Aliens may exist, but only in a galaxy far, far away, says Brian Cox

The truth is (somewhere) out there: Aliens may exist… but only in a galaxy far, far away, says Brian Cox

  • Professor Brian Cox says aliens could exist and may even be common
  • But intelligent life and  civilisations like our own could be ‘extremely rare’
  • The TV scientist said he was ‘sure’ that there are civilisations out there

Aliens really could exist, but not in our galaxy, according to Professor Brian Cox.

The TV scientist was asked about US Congressman Andre Carson’s comments last week that UFOs are ‘a potential national security threat’ which are ‘real’ and ‘need to be investigated’.

Professor Cox suggested intelligent beings could be out there – but that civilisations like ours would be ‘extremely rare’, perhaps ‘on average one per galaxy’.

Professor Brian Cox said he is ‘sure’ alien life exists in the universe but that civilisations could be quite rare

US Congressman Andre Carson oversaw the first public UFO hearing in decades last week (pictured)

He told the BBC’s Sunday Morning programme: ‘There are two trillion galaxies in the observable universe, I’m sure there are others out there.’

But he added of life on Earth: ‘It looks like we have good evidence life was present 3.8 billion years ago, and the first civilisation to appear on Earth was about now.

So it took the best part of four billion years to go from the origin of life on Earth to a civilisation.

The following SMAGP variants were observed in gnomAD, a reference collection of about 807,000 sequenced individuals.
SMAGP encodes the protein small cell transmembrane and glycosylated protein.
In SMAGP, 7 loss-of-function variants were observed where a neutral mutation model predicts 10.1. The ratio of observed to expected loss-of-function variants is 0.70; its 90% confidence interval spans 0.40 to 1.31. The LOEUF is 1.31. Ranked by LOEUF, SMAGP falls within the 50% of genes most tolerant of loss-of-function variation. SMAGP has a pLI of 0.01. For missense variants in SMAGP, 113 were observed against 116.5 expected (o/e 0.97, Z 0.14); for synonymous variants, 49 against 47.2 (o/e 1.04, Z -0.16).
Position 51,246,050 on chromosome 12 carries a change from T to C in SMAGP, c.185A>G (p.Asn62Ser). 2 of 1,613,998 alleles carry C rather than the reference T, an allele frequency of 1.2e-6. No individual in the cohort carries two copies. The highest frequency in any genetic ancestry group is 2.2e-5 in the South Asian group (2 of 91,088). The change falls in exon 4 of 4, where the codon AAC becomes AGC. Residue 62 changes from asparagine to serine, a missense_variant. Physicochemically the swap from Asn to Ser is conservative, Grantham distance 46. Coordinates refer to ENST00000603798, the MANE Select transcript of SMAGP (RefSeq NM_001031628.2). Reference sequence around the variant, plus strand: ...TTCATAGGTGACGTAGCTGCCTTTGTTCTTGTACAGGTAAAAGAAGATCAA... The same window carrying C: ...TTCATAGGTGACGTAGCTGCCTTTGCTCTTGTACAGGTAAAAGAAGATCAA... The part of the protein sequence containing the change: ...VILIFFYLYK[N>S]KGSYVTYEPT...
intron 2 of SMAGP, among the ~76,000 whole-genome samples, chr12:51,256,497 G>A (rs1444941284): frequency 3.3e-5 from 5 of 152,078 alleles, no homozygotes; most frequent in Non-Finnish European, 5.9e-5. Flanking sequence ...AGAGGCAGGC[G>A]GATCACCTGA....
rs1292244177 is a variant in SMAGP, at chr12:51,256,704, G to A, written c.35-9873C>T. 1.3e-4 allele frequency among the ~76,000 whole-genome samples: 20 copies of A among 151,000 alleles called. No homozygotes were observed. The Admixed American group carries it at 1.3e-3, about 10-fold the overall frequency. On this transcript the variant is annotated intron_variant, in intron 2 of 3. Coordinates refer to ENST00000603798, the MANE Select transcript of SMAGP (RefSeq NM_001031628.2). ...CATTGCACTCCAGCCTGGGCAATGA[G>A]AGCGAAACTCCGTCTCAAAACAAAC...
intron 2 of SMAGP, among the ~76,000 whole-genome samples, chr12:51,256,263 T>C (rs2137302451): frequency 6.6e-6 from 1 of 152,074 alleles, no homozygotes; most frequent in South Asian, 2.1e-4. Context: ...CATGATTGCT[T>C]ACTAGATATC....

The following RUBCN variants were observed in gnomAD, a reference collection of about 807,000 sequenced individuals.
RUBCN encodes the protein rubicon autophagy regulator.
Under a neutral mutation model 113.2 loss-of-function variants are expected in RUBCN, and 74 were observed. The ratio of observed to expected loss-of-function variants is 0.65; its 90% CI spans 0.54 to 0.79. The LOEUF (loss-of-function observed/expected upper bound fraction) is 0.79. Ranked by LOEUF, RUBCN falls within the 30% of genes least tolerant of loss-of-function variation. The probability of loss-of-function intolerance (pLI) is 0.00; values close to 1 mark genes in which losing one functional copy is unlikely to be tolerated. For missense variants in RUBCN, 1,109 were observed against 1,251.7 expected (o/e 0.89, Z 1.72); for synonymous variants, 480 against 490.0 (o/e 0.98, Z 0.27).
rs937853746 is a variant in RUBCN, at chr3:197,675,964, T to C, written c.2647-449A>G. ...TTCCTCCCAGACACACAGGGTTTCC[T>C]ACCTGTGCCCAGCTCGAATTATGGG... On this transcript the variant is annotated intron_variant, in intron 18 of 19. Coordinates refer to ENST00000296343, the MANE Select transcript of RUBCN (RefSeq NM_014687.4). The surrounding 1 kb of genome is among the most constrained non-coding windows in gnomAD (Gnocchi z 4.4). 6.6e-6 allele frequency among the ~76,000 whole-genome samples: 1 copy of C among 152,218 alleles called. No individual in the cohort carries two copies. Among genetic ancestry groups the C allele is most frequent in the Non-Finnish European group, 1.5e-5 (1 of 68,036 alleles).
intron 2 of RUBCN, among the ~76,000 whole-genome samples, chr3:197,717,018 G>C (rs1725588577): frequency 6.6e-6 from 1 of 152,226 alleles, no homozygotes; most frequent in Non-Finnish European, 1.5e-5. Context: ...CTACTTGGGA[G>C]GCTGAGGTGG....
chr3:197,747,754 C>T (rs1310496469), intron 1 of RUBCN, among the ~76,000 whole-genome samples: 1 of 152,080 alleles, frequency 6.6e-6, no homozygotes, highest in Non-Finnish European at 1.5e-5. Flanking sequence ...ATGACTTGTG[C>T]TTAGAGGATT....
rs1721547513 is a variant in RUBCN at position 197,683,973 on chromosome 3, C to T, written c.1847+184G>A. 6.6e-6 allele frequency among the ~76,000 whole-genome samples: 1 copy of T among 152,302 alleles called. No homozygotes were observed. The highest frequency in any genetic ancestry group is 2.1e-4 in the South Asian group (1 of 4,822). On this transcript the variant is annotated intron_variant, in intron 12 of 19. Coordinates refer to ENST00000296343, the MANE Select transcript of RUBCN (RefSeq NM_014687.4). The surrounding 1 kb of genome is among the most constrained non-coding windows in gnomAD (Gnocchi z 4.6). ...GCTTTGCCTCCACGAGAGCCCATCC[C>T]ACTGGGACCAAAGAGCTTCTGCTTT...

‘That’s a third of the age of the universe, and that is a long time, so that may indicate that microbes may be common, but things like us may be extremely rare.’ 

Professor Cox said while microbes on other planets may well be common, civilisations are much more rare.

He said: ‘If you forced me to guess, I would say there may be microbes all over the place – that’s why we’re looking for life on Mars, for example.

‘But in terms of intelligence one thing to think about is the origin of life on Earth.’

If humans inhabit the only world in a galaxy of 400 billion suns, that gives us responsibility in terms of climate change, Professor Cox added.

Commenting, Monica Grady, professor of planetary and space sciences, said: ‘Our galaxy is so vast, with so many different types of stars with planets orbiting them, it is statistically possible for life to have arisen on another planet.

‘We know that there is no civilisation, apart from ours, in the Solar System – so any life that has evolved to develop interstellar travel would have to journey across billions of miles.

‘This would take many thousands of years, almost certainly longer than the 200,000 or so years since modern humans developed.

‘I would hope that any life form that had evolved to such an advanced stage would realise that peace, truth, justice and integrity would be a far better template for civilisation than war, terror, injustice and falsehood.’

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